[The following is a guest post by our friend Dr. Jacob Milbradt, a Kansas pharmacist. Jacob graduated with distinction from the University of Kansas School of Pharmacy and currently works as a pharmacist in an independently-owned pharmacy in south central Kansas. He is founder and president of MrMedSaver.com, an Internet-based consulting firm that specializes in helping people save on their prescriptions.]
These days, we’d all like to save as much money as possible on just about anything. However, I encounter numerous people every day who spend way too much money on their prescriptions. It’s a common misconception that prescription drug therapy is simply expensive, and there’s nothing you can do about it. With a little effort, though, you can easily cut your drug costs. Here are a few tips for real savings at the pharmacy.
1. Comparison Shop.
If you don’t have insurance, comparing the prices at different pharmacies is an absolute MUST. Most people don’t realize just how much pharmacy prices can vary . . . especially for generic drugs. In fact, just the other day, I called around to different pharmacies to check on some prices for a particular generic medication. For just thirty tablets, the price varied from $37.03 to $599.00! And no, that’s not a typo . . . that’s a price difference of 1,617%! While most differences won’t be quite so extreme, the lesson remains the same. You’ve got to comparison shop.
2. Buy in Bulk.
Regardless of whether your prescription is for thirty or ninety tablets, it costs your pharmacy the same amount time and money to fill it. Because of this, you often get a price break for purchasing a larger quantity of medication at once. Usually, this is more the case for generic medications than for expensive, brand name drugs.
3. Maximize Your Insurance Benefit.
If you have insurance, do you know the maximum amount of medication your plan will cover at once? This is usually determined by the length of time your prescription will last you. For example, some plans will charge you the same copay whether you fill 30 or 90 days’ worth of medication. If this is the case, filling a three month supply of your prescription will cut your drug costs by 67%. Even if your plan will only allow you to fill a month’s worth of medication at a time, you should still determine the maximum days’ supply they will allow. Most doctors habitually write prescriptions for 30 days’ worth at a time. But if your insurance plan will cover 34 days at a time for the same copay, just this small amount will add up-cutting your yearly drug costs by about 12%.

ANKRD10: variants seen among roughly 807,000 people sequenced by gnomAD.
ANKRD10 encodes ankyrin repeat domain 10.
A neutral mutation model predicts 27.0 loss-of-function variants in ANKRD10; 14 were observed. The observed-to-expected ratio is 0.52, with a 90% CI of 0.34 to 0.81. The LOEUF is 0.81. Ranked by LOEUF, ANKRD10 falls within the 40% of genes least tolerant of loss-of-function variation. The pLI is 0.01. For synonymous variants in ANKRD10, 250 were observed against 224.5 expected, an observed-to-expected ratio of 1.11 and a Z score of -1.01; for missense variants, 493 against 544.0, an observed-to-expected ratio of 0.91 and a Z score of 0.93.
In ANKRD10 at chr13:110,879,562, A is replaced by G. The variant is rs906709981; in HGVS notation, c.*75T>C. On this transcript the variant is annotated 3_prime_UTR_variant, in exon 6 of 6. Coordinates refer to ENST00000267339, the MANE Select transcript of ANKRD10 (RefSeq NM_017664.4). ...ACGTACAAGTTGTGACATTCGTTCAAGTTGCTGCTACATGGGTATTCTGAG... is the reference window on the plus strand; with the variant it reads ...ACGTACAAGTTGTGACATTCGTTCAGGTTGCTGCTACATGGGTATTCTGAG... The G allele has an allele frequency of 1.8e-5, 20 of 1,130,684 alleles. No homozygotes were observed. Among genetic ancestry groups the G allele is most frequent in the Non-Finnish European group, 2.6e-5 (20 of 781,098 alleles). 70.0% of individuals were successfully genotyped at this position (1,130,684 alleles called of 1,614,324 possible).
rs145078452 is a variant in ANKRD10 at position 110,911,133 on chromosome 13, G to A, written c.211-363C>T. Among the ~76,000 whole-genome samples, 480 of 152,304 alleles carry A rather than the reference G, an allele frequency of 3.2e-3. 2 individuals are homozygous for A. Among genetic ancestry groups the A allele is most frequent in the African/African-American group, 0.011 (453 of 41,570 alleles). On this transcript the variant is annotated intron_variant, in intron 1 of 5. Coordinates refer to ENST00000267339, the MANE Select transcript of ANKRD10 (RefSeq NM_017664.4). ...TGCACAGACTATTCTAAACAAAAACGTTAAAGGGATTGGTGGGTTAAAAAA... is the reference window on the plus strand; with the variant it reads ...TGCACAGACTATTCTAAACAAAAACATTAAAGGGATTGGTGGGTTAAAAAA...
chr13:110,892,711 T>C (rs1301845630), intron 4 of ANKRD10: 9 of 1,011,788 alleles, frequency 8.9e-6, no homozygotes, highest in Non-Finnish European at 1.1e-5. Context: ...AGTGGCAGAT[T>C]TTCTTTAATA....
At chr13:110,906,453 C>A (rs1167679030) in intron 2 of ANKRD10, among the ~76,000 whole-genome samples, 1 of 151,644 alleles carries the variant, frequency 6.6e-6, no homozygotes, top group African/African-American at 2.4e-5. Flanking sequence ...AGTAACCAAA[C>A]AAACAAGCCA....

4. Just Say No to Samples.
Most prescription savings advice written by people outside the industry recommend asking your doctor for samples of your medication. My stance is the exact opposite of this. In my opinion, if your doctor has samples (or coupons for that matter) for your medication, you need to question whether this drug is really the most cost-effective medication for your condition. Most doctors think they’re doing you a favor when they give you samples. Of course, one or two free months of medication is usually outweighed by paying for an overpriced brand name drug year after year.
5. Split Tablets.
Many medications, generics and brand names alike are priced the same regardless of the strength. Because of this, doubling the strength of your medication and only taking a half tablet can actually cut the cost of your prescription in half. While most people have heard that tablet splitting can save a lot of money, few actually utilize this tactic. And don’t forget, some types of tablets shouldn’t be split. Always ask your pharmacist if this is a safe practice for each particular prescription.
6. Take Advantage of Deeply Discounted Generics.
Everyone’s heard of Wal-Mart’s $4 generic program, but many other pharmacies also have deeply discounted generics available as well. If you plan on utilizing such a program, make sure to comparison shop for any non-discounted prescriptions. Many of these pharmacies sell these cheap, generic prescriptions at a loss only to grossly overprice others.
7. Communicate with Your Doctor.
Few doctors are experts at prescription pricing. And most of the time, your doctor probably doesn’t know how much your prescriptions cost you. Every week, I speak with a different doctor who is absolutely amazed at how expensive certain medications are . . . and this is only AFTER these doctors have prescribed such drugs! When it comes to your prescriptions, your doctor will be much more cost conscious if he or she actually knows the prices you’re paying for your medications.
8. Follow Your Formulary.
A formulary is a list of preferred medications provided to you by your prescription insurance plan. Your doctor usually won’t have any clue as to which medications your insurance prefers. Your copays are usually lower for these preferred medications, so it can make a huge difference if you simply bring your formulary with you to each of your doctor’s appointments.
9. Avoid “New-and-Improved” Versions of Older Drugs.
When pharmaceutical companies lose patent protection on their drugs, they usually come out with “new-and-improved” versions of these medications. These new versions are often only slight improvements over the older drugs, but are usually three to five times the price. Whenever your doctor prescribes a new medication for you, ask if it’s one of these “new-and-improved” drugs. If so, request to try the older, more affordable, generic version first.
10. Take Less Medication.
This last tip is often the most overlooked. It’s important to regularly review your prescriptions with your doctor, discussing exactly what each of your prescriptions is supposed to be doing and how essential each is. Sometimes, you’ll discover that your most expensive medication is one that you don’t really even need. Of course, you should never stop taking any of your prescriptions without your doctor’s approval.